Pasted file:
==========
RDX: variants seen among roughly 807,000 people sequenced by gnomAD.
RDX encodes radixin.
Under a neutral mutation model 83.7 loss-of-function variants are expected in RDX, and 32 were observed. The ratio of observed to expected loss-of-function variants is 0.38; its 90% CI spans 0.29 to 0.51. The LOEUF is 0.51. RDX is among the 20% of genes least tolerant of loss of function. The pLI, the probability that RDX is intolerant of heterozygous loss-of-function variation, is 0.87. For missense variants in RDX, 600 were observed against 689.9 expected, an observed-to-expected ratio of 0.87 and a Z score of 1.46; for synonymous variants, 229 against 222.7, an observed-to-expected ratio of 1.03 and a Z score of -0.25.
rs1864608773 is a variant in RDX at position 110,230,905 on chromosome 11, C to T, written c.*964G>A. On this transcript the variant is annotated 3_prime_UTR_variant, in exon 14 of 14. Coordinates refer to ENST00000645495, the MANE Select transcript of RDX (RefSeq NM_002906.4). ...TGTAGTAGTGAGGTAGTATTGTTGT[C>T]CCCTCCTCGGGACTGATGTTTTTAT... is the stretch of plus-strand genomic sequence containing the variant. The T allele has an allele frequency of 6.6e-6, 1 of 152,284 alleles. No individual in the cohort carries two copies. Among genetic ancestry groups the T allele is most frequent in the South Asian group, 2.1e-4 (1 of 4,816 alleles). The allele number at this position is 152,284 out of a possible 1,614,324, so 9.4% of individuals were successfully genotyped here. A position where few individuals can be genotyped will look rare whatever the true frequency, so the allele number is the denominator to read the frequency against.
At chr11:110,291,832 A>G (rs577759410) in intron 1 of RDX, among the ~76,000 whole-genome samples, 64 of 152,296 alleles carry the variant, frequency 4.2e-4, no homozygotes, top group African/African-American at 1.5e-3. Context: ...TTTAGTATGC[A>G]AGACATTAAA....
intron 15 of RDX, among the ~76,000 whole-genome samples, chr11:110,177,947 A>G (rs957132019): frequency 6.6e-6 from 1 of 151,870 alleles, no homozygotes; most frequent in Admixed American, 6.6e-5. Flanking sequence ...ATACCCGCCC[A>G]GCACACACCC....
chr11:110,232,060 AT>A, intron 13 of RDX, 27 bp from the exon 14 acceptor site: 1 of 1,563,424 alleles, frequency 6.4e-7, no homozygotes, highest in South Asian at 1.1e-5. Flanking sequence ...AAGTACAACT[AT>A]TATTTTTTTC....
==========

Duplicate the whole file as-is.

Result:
RDX: variants seen among roughly 807,000 people sequenced by gnomAD.
RDX encodes radixin.
Under a neutral mutation model 83.7 loss-of-function variants are expected in RDX, and 32 were observed. The ratio of observed to expected loss-of-function variants is 0.38; its 90% CI spans 0.29 to 0.51. The LOEUF is 0.51. RDX is among the 20% of genes least tolerant of loss of function. The pLI, the probability that RDX is intolerant of heterozygous loss-of-function variation, is 0.87. For missense variants in RDX, 600 were observed against 689.9 expected, an observed-to-expected ratio of 0.87 and a Z score of 1.46; for synonymous variants, 229 against 222.7, an observed-to-expected ratio of 1.03 and a Z score of -0.25.
rs1864608773 is a variant in RDX at position 110,230,905 on chromosome 11, C to T, written c.*964G>A. On this transcript the variant is annotated 3_prime_UTR_variant, in exon 14 of 14. Coordinates refer to ENST00000645495, the MANE Select transcript of RDX (RefSeq NM_002906.4). ...TGTAGTAGTGAGGTAGTATTGTTGT[C>T]CCCTCCTCGGGACTGATGTTTTTAT... is the stretch of plus-strand genomic sequence containing the variant. The T allele has an allele frequency of 6.6e-6, 1 of 152,284 alleles. No individual in the cohort carries two copies. Among genetic ancestry groups the T allele is most frequent in the South Asian group, 2.1e-4 (1 of 4,816 alleles). The allele number at this position is 152,284 out of a possible 1,614,324, so 9.4% of individuals were successfully genotyped here. A position where few individuals can be genotyped will look rare whatever the true frequency, so the allele number is the denominator to read the frequency against.
At chr11:110,291,832 A>G (rs577759410) in intron 1 of RDX, among the ~76,000 whole-genome samples, 64 of 152,296 alleles carry the variant, frequency 4.2e-4, no homozygotes, top group African/African-American at 1.5e-3. Context: ...TTTAGTATGC[A>G]AGACATTAAA....
intron 15 of RDX, among the ~76,000 whole-genome samples, chr11:110,177,947 A>G (rs957132019): frequency 6.6e-6 from 1 of 151,870 alleles, no homozygotes; most frequent in Admixed American, 6.6e-5. Flanking sequence ...ATACCCGCCC[A>G]GCACACACCC....
chr11:110,232,060 AT>A, intron 13 of RDX, 27 bp from the exon 14 acceptor site: 1 of 1,563,424 alleles, frequency 6.4e-7, no homozygotes, highest in South Asian at 1.1e-5. Flanking sequence ...AAGTACAACT[AT>A]TATTTTTTTC....